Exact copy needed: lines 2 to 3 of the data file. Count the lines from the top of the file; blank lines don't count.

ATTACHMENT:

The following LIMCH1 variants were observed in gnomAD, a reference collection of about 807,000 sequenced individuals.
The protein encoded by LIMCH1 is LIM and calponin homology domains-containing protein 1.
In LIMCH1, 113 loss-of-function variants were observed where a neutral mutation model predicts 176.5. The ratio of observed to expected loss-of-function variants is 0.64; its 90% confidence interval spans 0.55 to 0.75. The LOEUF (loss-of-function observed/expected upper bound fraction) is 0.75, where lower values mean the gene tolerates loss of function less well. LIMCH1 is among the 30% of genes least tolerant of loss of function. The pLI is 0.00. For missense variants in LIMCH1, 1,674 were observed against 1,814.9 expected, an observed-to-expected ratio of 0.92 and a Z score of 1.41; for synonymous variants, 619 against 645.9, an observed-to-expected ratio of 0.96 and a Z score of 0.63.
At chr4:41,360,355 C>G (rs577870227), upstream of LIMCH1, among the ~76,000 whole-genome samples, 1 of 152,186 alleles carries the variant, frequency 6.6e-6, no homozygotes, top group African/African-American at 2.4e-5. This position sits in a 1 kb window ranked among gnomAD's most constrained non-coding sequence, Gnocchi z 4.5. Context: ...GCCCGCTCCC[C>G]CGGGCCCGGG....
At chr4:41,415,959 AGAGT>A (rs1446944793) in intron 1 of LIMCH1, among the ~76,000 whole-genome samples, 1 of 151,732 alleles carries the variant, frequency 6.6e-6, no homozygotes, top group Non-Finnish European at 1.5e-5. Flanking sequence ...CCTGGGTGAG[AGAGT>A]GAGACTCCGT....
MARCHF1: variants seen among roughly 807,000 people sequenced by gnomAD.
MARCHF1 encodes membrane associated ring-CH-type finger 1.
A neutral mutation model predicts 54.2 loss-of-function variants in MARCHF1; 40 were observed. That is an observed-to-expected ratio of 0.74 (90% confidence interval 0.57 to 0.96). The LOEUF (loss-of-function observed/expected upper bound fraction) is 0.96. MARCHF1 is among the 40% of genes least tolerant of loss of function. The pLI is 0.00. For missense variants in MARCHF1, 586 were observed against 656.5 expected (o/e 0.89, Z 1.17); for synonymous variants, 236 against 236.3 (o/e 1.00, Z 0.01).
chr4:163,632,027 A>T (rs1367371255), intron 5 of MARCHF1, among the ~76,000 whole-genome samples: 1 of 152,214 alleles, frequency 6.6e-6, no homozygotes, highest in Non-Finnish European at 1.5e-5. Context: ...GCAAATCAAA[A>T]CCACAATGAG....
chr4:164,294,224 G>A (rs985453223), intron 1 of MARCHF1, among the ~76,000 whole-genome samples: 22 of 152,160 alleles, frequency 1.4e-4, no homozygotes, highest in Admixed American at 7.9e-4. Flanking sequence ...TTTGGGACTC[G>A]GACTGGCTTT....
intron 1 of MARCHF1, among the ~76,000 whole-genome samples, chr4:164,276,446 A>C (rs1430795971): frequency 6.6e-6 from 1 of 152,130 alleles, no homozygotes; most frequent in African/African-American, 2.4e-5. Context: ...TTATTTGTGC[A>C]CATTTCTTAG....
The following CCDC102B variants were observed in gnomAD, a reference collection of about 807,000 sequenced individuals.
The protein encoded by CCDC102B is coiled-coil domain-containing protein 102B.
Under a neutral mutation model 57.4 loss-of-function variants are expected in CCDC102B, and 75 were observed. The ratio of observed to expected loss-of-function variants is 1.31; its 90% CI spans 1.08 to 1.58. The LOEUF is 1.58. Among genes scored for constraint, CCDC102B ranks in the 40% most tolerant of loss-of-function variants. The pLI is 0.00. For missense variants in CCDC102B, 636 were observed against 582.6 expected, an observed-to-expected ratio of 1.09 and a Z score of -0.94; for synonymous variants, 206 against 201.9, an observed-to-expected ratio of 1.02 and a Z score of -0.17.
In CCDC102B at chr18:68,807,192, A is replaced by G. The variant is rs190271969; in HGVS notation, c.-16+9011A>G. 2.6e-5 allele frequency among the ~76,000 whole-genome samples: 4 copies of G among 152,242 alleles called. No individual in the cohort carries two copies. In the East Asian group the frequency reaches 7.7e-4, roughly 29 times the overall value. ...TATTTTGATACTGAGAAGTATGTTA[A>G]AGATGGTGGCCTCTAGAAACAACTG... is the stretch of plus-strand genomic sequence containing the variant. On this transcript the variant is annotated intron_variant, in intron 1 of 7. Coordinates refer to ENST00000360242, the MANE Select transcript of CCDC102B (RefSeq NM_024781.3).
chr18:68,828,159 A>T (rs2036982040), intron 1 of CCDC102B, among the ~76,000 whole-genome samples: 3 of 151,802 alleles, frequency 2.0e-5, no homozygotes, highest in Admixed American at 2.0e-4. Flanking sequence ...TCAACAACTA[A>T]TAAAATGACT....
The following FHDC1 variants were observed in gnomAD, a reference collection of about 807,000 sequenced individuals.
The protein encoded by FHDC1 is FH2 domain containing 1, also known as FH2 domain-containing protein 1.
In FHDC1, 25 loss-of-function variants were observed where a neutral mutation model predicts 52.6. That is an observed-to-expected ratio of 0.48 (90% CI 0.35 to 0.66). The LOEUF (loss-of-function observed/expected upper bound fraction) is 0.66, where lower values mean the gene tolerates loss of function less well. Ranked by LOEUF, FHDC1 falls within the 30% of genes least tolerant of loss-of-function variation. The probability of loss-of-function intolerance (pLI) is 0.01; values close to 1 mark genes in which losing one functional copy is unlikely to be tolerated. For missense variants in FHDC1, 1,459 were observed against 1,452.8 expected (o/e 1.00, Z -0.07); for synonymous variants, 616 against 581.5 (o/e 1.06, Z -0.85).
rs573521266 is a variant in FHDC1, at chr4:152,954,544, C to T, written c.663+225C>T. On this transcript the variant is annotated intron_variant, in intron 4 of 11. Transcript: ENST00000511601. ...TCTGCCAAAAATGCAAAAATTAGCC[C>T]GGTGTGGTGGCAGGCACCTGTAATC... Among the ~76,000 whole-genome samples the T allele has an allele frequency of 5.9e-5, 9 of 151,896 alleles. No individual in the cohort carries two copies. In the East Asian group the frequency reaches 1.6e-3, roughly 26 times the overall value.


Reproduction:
The protein encoded by LIMCH1 is LIM and calponin homology domains-containing protein 1.
In LIMCH1, 113 loss-of-function variants were observed where a neutral mutation model predicts 176.5. The ratio of observed to expected loss-of-function variants is 0.64; its 90% confidence interval spans 0.55 to 0.75. The LOEUF (loss-of-function observed/expected upper bound fraction) is 0.75, where lower values mean the gene tolerates loss of function less well. LIMCH1 is among the 30% of genes least tolerant of loss of function. The pLI is 0.00. For missense variants in LIMCH1, 1,674 were observed against 1,814.9 expected, an observed-to-expected ratio of 0.92 and a Z score of 1.41; for synonymous variants, 619 against 645.9, an observed-to-expected ratio of 0.96 and a Z score of 0.63.